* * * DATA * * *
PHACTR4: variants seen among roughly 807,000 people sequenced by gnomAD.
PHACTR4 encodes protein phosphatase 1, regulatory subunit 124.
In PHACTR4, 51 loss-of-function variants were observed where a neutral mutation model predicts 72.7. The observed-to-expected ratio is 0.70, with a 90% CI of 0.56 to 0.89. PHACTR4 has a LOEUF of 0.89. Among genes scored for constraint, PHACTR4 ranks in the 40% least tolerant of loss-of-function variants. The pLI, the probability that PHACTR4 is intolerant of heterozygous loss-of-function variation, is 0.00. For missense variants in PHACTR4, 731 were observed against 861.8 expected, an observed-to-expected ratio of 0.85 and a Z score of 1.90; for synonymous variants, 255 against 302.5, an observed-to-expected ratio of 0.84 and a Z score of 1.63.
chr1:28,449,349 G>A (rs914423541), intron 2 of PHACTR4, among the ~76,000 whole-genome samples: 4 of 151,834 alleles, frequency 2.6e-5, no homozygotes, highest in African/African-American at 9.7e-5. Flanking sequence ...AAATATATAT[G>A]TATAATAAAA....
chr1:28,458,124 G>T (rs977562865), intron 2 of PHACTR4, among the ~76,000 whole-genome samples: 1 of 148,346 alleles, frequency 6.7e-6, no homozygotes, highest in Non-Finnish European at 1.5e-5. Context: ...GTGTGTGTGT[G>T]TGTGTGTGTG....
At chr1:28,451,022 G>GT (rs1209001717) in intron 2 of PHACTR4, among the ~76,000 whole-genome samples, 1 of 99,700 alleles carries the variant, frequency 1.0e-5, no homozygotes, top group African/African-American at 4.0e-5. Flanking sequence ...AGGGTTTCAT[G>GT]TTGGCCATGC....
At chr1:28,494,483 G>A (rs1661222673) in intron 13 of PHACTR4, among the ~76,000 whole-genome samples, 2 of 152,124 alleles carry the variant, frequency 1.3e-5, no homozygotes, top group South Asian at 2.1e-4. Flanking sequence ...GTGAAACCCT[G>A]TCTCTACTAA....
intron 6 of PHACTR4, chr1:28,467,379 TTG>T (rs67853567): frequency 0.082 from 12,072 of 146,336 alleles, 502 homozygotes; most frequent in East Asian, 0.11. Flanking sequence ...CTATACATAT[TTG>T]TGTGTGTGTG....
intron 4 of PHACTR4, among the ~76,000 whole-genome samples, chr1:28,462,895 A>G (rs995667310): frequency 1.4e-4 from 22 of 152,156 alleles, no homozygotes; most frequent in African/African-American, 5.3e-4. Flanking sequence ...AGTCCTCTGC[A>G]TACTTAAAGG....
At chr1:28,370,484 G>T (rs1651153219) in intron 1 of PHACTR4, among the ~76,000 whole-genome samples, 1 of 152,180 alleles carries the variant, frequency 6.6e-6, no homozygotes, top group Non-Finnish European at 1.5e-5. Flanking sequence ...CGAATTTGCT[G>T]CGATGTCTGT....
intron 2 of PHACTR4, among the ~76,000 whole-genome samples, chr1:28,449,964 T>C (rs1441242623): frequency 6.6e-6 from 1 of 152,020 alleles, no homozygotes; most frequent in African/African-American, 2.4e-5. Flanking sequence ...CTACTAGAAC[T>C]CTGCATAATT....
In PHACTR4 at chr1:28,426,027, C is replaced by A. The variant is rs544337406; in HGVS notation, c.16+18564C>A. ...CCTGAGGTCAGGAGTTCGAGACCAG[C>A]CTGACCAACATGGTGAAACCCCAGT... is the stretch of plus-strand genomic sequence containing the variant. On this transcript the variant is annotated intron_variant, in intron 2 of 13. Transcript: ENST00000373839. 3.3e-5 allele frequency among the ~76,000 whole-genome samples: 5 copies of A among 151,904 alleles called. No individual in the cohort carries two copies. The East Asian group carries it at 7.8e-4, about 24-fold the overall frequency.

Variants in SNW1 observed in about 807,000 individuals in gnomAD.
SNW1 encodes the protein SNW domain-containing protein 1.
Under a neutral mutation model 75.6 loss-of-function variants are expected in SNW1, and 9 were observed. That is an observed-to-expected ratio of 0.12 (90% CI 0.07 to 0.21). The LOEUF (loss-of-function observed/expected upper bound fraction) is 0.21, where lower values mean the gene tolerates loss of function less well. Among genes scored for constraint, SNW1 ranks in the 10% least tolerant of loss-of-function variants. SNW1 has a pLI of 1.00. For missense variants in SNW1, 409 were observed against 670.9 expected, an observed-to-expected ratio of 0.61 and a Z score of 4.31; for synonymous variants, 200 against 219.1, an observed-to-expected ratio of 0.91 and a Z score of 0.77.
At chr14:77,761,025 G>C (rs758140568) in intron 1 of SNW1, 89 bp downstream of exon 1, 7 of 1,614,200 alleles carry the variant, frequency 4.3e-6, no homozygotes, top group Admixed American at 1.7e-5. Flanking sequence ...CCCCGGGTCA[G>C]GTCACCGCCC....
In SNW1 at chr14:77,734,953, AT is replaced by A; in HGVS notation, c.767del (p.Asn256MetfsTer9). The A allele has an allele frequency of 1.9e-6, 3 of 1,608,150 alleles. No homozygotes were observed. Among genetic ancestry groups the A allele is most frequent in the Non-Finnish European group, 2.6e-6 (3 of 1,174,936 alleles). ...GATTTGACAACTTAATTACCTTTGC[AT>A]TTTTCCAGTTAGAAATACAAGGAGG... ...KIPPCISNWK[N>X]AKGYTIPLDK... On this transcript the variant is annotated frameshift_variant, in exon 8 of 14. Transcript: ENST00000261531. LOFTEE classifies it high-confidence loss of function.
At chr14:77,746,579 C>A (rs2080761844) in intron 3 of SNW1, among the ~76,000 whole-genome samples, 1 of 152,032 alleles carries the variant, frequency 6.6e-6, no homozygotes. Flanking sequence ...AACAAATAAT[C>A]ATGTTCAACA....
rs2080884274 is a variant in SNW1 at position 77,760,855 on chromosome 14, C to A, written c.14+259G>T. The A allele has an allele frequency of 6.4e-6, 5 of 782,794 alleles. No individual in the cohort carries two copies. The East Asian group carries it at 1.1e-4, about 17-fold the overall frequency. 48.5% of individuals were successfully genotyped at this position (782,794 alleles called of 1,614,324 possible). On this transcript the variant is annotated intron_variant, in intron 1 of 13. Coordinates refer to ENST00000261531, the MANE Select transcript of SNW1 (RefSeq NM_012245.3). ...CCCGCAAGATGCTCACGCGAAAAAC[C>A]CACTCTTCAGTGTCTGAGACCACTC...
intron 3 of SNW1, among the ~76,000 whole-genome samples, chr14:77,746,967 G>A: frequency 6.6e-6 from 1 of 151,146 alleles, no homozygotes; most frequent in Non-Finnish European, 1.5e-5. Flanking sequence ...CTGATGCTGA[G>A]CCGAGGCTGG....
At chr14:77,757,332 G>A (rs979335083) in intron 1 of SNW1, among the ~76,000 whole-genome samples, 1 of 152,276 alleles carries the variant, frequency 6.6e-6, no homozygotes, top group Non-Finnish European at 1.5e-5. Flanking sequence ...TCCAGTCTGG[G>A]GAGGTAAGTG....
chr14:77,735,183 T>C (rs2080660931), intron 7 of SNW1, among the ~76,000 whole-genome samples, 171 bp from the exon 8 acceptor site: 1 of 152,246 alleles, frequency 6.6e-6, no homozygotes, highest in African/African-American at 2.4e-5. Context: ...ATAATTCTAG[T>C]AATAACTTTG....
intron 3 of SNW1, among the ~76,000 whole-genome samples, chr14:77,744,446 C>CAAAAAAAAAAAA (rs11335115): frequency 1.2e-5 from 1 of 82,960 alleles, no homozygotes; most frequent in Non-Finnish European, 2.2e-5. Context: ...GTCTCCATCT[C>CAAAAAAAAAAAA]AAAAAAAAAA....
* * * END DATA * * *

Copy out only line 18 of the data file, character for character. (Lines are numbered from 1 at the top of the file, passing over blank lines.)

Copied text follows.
At chr14:77,746,579 C>A (rs2080761844) in intron 3 of SNW1, among the ~76,000 whole-genome samples, 1 of 152,032 alleles carries the variant, frequency 6.6e-6, no homozygotes. Flanking sequence ...AACAAATAAT[C>A]ATGTTCAACA....